Why You Should Always Pee After Sex

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Young women are often told, "you should pee after sex." Specifically, they're told that they should pee after vaginal intercourse or other penetration. The purpose of this recommendation is to decrease the likelihood that they will develop a urinary tract infection. So does it work? The answer is probably, but not definitely, yes.

Sex and UTIs

Urinary tract infections (UTIs) are unquestionably associated with sexual intercourse. The more sex someone has, the more likely they are to get a UTI. In fact, the link is so well known that sexually associated UTIs are sometimes referred to as "honeymoon cystitis." Cystitis is another word for inflammation of the bladder.

One of the major reasons that intercourse is thought to be associated with UTIs is that penetration can put pressure on the urethra. This can irritate the urethra or force bacteria up into the urethra and towards the bladder. In turn, this raises the likelihood of infection.

Most of the data on the association between sex and UTIs is for vaginal intercourse. That's because the urethra is right behind the vagina. However, there has been some research suggesting that anal intercourse is also associated with increased UTI risk.

Sexual Hygiene

Several studies have looked at sexual and hygienic factors to see if they might be associated with an increased risk of urinary tract infections. One such factor that's been examined is voiding, or peeing, within 15 minutes after intercourse. This is also known as postcoital voiding.

Most studies that have looked at peeing after sex have found that it seems to reduce the risk of getting a UTI. The theory is that peeing after sex can flush any bacteria out of the urethra and into the toilet.

The research isn't universally positive. There are some studies that didn't find any relationship between peeing after sex and UTI risk. However, it was never shown to be problematic. Peeing after sex was either neutral or helpful and sometimes very helpful. It never increased the risk of UTI.

Urinating after sex is a potentially helpful activity that doesn't have any clear downsides.

Should Men Pee After Sex?

It's less important for people with penises to pee after sex than it is for people with vaginas. This is because there are big differences between male and female genital anatomy.

It is relatively rare for men to get urinary tract infections. In general, the longer male urethra means it's less likely for bacteria to get up into the bladder and cause a problem.

In addition, the penile urethra, through which men urinate, is also the tube through which they ejaculate. Therefore, if the man ejaculates during intercourse, it empties itself out. That doesn't mean it's a bad idea for men to pee after sex. It's just probably less useful than it is for women.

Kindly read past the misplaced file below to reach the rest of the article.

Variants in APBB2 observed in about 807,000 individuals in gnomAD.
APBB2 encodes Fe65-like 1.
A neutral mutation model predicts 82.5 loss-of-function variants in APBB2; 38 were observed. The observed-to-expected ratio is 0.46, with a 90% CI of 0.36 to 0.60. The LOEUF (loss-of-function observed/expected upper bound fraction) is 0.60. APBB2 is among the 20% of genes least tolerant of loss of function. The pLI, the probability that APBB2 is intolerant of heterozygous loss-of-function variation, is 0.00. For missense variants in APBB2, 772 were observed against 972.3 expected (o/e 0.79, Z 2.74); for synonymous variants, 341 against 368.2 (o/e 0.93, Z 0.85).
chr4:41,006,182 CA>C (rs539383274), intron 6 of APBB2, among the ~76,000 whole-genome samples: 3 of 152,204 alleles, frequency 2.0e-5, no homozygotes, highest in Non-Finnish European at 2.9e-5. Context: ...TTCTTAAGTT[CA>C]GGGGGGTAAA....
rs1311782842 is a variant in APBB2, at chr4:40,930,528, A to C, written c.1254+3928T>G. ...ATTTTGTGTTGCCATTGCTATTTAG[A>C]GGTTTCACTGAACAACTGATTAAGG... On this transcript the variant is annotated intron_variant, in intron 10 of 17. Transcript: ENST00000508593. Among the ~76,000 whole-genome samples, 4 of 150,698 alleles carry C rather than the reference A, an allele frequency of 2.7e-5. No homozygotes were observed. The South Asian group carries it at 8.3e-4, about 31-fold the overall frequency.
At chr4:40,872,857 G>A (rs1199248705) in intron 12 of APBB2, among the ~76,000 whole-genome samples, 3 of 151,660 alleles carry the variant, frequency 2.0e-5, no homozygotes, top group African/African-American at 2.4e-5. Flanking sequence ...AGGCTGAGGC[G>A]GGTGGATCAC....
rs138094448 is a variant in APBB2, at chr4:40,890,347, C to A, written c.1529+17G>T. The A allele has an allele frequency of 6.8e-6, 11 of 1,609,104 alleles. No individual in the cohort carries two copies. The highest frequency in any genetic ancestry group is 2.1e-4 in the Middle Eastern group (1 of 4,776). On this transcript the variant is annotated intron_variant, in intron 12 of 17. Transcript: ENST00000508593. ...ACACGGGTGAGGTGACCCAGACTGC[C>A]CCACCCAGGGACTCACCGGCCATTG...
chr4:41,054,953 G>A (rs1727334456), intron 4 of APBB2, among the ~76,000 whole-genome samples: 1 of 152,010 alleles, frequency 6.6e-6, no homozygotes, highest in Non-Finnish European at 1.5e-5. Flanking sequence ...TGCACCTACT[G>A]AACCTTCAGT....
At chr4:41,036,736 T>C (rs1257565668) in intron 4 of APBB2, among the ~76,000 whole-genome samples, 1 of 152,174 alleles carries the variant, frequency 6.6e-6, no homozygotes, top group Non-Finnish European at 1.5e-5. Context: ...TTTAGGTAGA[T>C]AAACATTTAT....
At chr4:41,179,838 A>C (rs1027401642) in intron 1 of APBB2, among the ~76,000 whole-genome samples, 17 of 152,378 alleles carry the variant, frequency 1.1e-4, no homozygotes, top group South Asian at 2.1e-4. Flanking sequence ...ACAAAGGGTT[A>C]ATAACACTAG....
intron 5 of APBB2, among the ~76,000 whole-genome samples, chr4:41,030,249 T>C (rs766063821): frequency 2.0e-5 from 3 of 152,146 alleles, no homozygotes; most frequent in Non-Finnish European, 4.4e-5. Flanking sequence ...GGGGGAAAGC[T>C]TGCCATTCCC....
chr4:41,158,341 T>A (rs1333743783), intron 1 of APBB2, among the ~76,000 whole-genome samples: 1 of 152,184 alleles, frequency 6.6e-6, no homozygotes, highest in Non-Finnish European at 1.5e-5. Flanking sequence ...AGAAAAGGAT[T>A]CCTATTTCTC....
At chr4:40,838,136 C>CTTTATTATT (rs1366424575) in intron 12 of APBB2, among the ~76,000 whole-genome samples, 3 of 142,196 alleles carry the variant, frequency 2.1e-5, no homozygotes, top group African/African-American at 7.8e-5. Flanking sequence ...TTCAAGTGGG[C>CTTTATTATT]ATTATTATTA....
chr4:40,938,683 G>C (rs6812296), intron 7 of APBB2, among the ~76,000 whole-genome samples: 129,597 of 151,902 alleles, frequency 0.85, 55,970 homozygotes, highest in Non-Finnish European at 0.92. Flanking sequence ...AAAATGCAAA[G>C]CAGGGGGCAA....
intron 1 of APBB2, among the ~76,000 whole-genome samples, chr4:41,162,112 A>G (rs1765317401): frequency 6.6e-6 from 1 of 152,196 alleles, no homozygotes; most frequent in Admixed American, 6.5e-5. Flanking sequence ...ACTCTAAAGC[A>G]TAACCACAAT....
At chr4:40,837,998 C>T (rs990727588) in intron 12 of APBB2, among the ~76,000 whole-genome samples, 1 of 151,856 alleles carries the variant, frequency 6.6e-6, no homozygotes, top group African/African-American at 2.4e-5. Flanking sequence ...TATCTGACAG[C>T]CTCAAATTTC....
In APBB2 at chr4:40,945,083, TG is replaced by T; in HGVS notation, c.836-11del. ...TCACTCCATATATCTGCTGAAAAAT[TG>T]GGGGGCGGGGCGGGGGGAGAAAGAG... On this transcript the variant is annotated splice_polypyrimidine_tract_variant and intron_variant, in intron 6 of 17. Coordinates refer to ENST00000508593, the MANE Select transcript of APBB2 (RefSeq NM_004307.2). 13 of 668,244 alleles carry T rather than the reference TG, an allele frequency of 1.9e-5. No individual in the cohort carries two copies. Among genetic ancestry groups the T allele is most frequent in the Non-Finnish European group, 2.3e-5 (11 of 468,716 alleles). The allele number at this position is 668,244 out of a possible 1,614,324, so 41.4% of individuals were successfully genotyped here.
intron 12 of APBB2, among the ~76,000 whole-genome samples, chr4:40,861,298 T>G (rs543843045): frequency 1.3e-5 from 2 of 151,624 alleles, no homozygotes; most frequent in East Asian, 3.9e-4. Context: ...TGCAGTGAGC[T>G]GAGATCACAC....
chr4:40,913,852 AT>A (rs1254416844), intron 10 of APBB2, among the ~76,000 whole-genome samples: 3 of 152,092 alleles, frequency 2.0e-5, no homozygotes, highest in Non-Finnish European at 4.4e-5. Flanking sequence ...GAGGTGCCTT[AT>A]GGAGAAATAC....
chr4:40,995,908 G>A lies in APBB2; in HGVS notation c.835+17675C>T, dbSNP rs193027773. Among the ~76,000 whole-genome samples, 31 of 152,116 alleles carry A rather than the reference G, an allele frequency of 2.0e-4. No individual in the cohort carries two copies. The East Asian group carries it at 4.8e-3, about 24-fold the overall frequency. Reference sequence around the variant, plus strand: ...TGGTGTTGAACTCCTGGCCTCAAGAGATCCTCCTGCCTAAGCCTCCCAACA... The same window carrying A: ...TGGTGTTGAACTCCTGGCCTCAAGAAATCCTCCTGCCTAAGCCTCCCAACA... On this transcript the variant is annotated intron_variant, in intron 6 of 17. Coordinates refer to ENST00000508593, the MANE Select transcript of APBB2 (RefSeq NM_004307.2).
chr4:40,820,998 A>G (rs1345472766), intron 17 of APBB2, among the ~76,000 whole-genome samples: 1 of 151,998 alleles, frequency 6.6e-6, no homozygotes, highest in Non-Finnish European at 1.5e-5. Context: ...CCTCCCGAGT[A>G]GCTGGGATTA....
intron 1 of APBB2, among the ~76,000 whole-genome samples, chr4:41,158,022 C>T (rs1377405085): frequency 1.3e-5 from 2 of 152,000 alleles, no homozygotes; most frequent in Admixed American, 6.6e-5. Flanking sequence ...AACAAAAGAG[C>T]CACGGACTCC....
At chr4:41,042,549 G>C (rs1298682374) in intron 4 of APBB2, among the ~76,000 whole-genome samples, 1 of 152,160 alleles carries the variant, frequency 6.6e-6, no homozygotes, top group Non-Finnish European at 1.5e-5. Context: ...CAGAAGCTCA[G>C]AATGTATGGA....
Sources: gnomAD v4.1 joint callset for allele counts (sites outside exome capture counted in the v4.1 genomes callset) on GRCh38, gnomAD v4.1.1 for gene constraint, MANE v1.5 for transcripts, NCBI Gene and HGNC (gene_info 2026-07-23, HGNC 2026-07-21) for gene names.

A Word From Verywell

Urinary tract infections aren't fun. That's particularly true when you get a lot of them. If you have a history of recurrent urinary tract infections, it's probably worth trying to find out whether some relatively simple behavioral changes can reduce the frequency with which you get UTIs.

Even though the results aren't completely consistent, it's probably a good idea to pee after sex. It's also a good idea to stay hydrated. Drinking water after sex is another thing that has been shown to reduce your risk of a UTI. Interestingly, it looks like peeing before sex might also help reduce the risk of a UTI. That's good news for people who think it's a bad idea to wait. And remember, if you drink enough water, you can pee both before AND after sex. The trick is not to drink so much that you want to stop to pee during sex.

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Article Sources

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Additional Reading

  • Al Demour S, Ababneh MA. Evaluation of Behavioral and Susceptibility Patterns in Premenopausal Women with Recurrent Urinary Tract Infections: A Case Control Study. Urol Int. 2018;100(1):31-36. doi: 10.1159/000485568.
  • Amiri FN, Rooshan MH, Ahmady MH, Soliamani MJ. Hygiene practices and sexual activity associated with urinary tract infection in pregnant women. East Mediterr Health J. 2009 Jan-Feb;15(1):104-10. doi: 10.26719/2009.15.1.104
  • Beisel B, Hale W, Graves RS, Moreland J. Clinical inquiries. Does postcoital voiding prevent urinary tract infections in young women? J Fam Pract. 2002 Nov;51(11):977.
  • Foxman B, Chi JW. Health behavior and urinary tract infection in college-aged women. J Clin Epidemiol. 1990;43(4):329-37. doi: 10.1016/0895-4356(90)90119-a
  • Hooton TM, Scholes D, Hughes JP, Winter C, Roberts PL, Stapleton AE, Stergachis A, Stamm WE. A prospective study of risk factors for symptomatic urinary tract infection in young women. N Engl J Med. 1996 Aug 15;335(7):468-74. doi: 10.1056/nejm199608153350703